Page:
Friday, October 10, 2008

A deepening sadness

I'm still not sure that I should write this post. But it seems I am so I'll go ahead.

This has been one of the most...

And then I stop. I can not seem to find the words to describe how I feel. Saddened? Yes but that's not all. Worried? Yes that too but still doesn't cover it. There's an aspect of spiritual gloom that has descended on me that I struggle to describe. It is a great weight upon my mind and soul and heart.

Last weekend the the diocese where I grew up voted that they no longer wished to be part of the Episcopal church. It wasn't a surprising move, they've been telegraphing this punch for years now. I respect their point of view theologically even as I utterly disagree with it. I believe their attempt to leave as a diocese is without meaning. Dioceses are creations of General Convention and have no independent existence. They can leave individually but not as an entity.

Even though I knew the vote was a foregone conclusion it still saddens me. Sad beyond the deepening rift in my denomination. Sad to my core because this is the diocese of my baptism (St. Andrews, New Kensington), my confirmation and marriage (St. Thomas in the Fields, Gibsonia). It is where my parents ashes are interred. I don't know if that congregation will decide to stay as have 19 other so far. I can only imagine this is how children of divorce must feel. Torn by our affection for both sides but feeling that we are being forced into making a choice. It has been a darkness on my heart.

Then came the announcement that some folks are leaving us here in Western New York. Some of the clery and congregation at St. Bartholomew's Tonawanda have informed the bishop that they too will be departing TEC. Again, not a surprise. The folks at St. Bart's have been open about their disagreement, have kept the channels open for discussion and in the end have made their decision. They will walk away and form a new congregation in a new building. I have the highest respect for these folks. They have walked what must have been an incredibly difficult path and done it with honor and dignity. The words fail me on how much I respect and honor this hard and painful decision. I am truly sorry to lose them and I wish them well. But it is a further darkness on my heart.

Finally I must admit the financial crisis frightens me. Each day my small investments portfolio is devastated again. My financial situation was tight but manageable before. Now I must admit that the first touch of fear has descended. What will be left? How bad will the economy get? How hard will our diocesan budget be hit. Will I still have a job? How will I care for my family? Yesterday when I saw the final numbers for the Dow I literally became light headed. I can not deny it any longer.

I am afraid.

My faith tells me to trust in God. But I am not one who can just lay back and hope that God will make it all better. My belief is that God expects us to be involved in creating our own lives. I have no faith in predestination, nor a micro-manager deity. God has given me life, and gifts and love. Now I must make of them what I am able. I must ask God to help me hold this fear at bay. I will ask him to lift, at least a little, the darkness that oppresses me. And yes, foolish inconsistent mortal that I am I will ask him to micro-manage just a little bit in my favor!

I will not give up. I will not give in. I will continue to live my life and follow my calling.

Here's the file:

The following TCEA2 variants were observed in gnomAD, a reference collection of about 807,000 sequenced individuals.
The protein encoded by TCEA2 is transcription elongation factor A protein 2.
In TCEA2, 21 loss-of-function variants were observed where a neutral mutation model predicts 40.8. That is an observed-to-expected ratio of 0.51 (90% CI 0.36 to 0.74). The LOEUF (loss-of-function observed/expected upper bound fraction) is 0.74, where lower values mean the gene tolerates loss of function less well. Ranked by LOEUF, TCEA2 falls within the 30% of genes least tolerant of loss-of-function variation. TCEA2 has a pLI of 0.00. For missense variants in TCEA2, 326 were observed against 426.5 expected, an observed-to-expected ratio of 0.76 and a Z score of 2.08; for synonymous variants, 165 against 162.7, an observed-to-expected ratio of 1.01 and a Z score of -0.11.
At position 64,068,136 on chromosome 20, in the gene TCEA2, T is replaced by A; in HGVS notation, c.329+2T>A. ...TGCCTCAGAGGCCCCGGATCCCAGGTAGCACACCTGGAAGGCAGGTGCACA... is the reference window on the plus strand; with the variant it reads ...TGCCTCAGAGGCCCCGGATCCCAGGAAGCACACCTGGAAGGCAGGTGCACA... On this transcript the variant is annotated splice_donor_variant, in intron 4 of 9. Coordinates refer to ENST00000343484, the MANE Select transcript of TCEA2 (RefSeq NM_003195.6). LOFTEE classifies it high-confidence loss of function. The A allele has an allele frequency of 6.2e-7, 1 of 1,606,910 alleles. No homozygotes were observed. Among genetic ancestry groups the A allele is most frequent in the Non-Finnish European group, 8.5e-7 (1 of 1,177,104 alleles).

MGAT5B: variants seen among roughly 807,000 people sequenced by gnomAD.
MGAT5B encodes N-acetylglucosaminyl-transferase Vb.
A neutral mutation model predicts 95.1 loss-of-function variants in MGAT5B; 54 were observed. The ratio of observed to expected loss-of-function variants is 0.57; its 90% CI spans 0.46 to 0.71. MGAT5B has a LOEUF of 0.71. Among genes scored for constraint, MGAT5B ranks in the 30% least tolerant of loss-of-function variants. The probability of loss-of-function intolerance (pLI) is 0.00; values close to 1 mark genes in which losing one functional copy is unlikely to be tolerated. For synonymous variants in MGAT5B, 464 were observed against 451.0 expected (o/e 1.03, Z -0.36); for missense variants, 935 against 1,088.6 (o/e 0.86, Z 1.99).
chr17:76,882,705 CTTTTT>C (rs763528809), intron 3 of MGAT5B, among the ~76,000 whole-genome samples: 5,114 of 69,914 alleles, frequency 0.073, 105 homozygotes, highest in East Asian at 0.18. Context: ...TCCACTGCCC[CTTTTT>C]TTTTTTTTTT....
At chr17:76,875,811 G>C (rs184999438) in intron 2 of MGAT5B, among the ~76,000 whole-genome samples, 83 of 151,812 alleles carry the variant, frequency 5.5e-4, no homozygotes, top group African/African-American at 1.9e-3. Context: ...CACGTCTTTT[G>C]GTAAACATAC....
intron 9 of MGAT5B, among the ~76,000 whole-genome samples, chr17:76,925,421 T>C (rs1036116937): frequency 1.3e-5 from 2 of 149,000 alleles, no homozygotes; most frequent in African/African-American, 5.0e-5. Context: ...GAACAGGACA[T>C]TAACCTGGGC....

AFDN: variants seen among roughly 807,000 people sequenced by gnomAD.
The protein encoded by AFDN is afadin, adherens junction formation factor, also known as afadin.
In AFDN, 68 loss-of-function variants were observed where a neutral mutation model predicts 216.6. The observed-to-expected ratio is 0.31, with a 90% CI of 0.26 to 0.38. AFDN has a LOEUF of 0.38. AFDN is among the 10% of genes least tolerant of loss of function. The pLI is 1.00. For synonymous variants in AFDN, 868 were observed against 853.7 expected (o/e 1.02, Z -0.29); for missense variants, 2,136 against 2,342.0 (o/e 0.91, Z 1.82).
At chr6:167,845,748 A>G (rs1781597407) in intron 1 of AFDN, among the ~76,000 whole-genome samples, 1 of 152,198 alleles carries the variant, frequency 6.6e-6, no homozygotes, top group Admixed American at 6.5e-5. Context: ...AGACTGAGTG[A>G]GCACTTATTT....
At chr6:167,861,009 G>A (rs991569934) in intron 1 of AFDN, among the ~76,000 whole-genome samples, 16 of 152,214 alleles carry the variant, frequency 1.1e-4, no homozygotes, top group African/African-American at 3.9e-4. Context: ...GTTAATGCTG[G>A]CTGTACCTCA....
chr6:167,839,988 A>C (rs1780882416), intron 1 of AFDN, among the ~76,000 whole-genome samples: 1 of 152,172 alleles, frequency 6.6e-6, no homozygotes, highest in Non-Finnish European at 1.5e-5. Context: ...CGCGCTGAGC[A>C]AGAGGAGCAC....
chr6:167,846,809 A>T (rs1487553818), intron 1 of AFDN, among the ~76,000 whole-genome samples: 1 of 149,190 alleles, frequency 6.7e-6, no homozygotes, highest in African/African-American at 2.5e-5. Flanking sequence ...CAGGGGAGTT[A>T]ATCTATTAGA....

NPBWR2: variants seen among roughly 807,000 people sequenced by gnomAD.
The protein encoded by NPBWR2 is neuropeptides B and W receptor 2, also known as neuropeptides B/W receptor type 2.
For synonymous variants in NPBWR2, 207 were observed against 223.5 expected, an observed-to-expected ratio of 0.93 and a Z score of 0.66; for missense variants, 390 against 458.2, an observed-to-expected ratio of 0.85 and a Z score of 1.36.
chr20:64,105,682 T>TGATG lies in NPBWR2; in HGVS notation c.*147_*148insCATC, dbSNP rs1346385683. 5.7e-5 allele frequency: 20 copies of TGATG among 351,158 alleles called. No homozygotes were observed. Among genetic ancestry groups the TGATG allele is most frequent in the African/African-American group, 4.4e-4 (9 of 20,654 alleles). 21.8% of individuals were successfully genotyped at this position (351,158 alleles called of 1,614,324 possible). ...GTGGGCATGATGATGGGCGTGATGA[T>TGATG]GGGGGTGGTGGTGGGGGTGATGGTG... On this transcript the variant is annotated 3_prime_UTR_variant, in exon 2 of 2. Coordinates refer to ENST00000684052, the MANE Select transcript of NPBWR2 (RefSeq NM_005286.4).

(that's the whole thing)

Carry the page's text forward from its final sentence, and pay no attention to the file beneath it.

And I will pray. A lot.

God watch over us all.



PseudoPiskie said...

There is much to be sad about today. I'm lucky in that I don't have to sell any securities I own to live or finance any large purchases. I'm invested for income which so far is relatively safe. My heart goes out to people who are caught in this result of greed. Be patient, Jay. The market will return.

The mess in Pittsburgh has been a long time coming. I'm hopeful that Fr. Simons and others will rebuild the Dio of Pittsburgh quickly and once again get about the business of doing what Jesus taught rather than working toward schism.

There is much fear in the US today. Life is easier for people who don't have to think or make decisions about their behavior. The dissidents in TEC capitalize on this fear. They are clueless about the message of the Gospels which is to love God, love all neighbors, feed the hungry, etc. They are hung up on personal salvation and knowing that they are better than others - the message of those men who would impose their prejudices on the church. WE can pray they will grow in the knowledge and love of God but we can't really beat the fear as long as that is the tool of those who govern us. Ugh

StLouisJohn said...

If I may correct you on one item.

Last weekend the the diocese where I grew up voted that they no longer wished to be part of the Episcopal church.

The Diocese of Pittsburgh did not vote to leave the Episcopal Church. A number of individuals did, but not the diocese. The Diocese of your youth and that you love is still corporate, albeit smaller, albeit a vacant see. But it's still there. Just as San Joachin is rebuilding, so shall Pittsburgh. And not on a foundation of sand.

I hear your fears about the stock market, the economy, and your place and the place of others in this time of turmoil. Myself, I feel sort of at the epicenter.

I am a contractor, and my contract is at a brokerage house. First, that brokerage house was A.G. Edwards, then it became Wachovia Securities, and now it's looking to be Wells Fargo. One day, a fellow contractor and I happened to glance at a reading of the Dow...spontaneously, we both said "Oh my God!"

Like you, I do not feel God made us as hand-puppets....but gave us a toolbox to go out and make our place in the world. Nevertheless, God still watches over us if we believe.

Peace and prayers be with you and yours.